In celebration of The Bermudian’s 94th birthday, we’re giving away 94 new subscriptions to the magazine.

If you want the chance to win a subscription for yourself, all you have to do is type your email address into the box below. 

If you are selected as one of the lucky 94 winners, you will receive 4 issues of The Bermudian delivered to your door for one full year, starting with our Spring issue in March. 

This giveaway does not apply to subscription renewals, only new subscriptions. However, it is open to all, no matter where you are in the world.  Winners will be notified by email. 

The first issue, published on February 15, 1930, introduced The Bermudian as “A magazine dedicated to Bermuda and Bermuda Life,” and by that standard not much has changed.

Back then, the price per copy was one shilling or 25 cents and you could buy an annual subscription for ten shillings. Their offices were listed on page 5 as the Bank of Bermuda Building in Hamilton and, interestingly, 331 Madison Avenue, New York.

William D. Richardson was the founder and editor of The Bermudian but he would remain at the helm for only one year, to be replaced by Ronald “Ronnie” Williams who would go on to be the editor for almost 40 years in total. Under his guidance the magazine became a polished reflection of Bermuda for the outside world, appealing largely to American tourists.

The premier issue of The Bermudian was filled with bits of news and information, such as Town Hill on Harrington Sound is the highest point on the island, plus a sporting calendar and some facts on island life for the tourists. There was to be a railway built in Bermuda at some point, but no one is certain when. And there were also some snippets of historical interest, such as the fact that Communion Service at St. Peter’s was first held in 1684. There is news of events and happenings over the past few months (politics included) and lengthy coverage of well-known visitors and socialites and where they are staying. Photographing tourists at their hotels was a trend that would continue in The Bermudian for about 30 more years!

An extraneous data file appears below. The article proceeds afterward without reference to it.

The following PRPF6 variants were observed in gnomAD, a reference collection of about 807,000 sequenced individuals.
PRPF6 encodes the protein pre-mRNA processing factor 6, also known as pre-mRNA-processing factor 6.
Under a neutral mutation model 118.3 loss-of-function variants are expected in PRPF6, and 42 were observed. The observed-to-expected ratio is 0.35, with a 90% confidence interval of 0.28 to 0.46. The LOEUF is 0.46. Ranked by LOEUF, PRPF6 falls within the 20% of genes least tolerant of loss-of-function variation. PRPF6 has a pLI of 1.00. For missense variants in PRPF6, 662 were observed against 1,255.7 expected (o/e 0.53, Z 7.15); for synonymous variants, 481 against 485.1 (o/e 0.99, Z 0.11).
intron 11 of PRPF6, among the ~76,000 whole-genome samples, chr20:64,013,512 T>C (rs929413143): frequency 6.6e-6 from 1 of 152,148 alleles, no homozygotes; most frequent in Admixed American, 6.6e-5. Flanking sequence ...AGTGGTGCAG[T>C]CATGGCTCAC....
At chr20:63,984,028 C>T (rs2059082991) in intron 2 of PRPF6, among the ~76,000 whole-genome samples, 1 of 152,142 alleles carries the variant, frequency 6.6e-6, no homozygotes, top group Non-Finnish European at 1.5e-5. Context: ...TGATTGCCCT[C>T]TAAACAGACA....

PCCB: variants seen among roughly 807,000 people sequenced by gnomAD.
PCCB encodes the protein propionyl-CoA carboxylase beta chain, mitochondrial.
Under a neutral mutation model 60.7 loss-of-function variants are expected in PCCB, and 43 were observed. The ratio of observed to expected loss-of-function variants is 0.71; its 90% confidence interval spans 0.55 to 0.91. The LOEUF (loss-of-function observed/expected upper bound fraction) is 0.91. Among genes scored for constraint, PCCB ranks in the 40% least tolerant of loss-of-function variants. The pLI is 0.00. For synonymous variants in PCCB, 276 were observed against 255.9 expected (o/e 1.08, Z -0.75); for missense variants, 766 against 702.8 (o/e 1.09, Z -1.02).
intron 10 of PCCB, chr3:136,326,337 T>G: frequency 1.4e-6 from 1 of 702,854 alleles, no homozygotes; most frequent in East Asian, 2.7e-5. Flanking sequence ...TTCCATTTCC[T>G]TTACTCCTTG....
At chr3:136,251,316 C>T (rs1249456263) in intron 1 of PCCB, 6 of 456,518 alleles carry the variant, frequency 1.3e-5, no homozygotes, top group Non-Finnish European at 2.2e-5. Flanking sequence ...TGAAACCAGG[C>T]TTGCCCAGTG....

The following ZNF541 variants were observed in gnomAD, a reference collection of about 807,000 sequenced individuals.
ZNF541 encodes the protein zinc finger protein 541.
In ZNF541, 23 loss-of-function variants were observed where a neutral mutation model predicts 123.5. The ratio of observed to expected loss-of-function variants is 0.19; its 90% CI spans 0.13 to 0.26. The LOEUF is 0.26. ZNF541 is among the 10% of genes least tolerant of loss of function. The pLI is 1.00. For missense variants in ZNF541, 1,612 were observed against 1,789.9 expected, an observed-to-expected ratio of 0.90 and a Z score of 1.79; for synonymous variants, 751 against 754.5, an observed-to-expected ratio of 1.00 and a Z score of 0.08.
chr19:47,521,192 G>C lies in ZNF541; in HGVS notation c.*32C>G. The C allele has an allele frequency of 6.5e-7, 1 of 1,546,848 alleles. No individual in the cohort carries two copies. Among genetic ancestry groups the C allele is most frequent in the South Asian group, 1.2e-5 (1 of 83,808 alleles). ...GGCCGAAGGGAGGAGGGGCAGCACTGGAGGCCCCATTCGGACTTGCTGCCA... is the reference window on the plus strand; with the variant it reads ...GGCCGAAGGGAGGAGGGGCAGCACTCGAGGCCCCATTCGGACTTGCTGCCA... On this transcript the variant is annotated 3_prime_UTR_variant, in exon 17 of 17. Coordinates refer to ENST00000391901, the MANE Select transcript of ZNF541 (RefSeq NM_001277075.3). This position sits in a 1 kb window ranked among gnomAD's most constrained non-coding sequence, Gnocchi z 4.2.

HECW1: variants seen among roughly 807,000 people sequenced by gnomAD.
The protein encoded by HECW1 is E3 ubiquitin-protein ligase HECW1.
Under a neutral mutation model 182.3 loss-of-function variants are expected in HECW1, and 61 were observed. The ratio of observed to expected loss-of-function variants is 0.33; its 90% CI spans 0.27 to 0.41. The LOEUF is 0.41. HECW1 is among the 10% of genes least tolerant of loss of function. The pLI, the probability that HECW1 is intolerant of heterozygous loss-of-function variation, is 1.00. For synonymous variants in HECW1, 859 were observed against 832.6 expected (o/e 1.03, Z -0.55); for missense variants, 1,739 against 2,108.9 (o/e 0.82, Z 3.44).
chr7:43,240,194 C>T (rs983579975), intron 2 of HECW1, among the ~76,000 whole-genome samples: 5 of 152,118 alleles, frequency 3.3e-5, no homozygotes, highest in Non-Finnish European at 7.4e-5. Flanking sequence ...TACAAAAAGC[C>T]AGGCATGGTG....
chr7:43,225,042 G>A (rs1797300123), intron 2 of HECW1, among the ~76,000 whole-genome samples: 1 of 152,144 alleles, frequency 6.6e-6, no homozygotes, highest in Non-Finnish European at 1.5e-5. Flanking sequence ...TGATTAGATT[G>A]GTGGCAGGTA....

The major articles included a futuristic piece, entitled simply “1940,” and “Bicycling Bermuda” by Margaret Joy Copp, a wonderful account of Copp’s visit to Bermuda where upon arrival she purchased a second-hand bike for 25 pounds and spent her entire vacation on a “private discovery,” sightseeing the entire island by pedal bike.

The first big advertisers in February 1930 included the Bermuda Trade Development Board; Chris-Craft (as in mahogany boats), which was selling its latest small boat, the 1930 Sportscar; the Bermuda Hotel Association; H. A. & E. Smith; Munson Steamship Line and Ludington Airline Incorporated.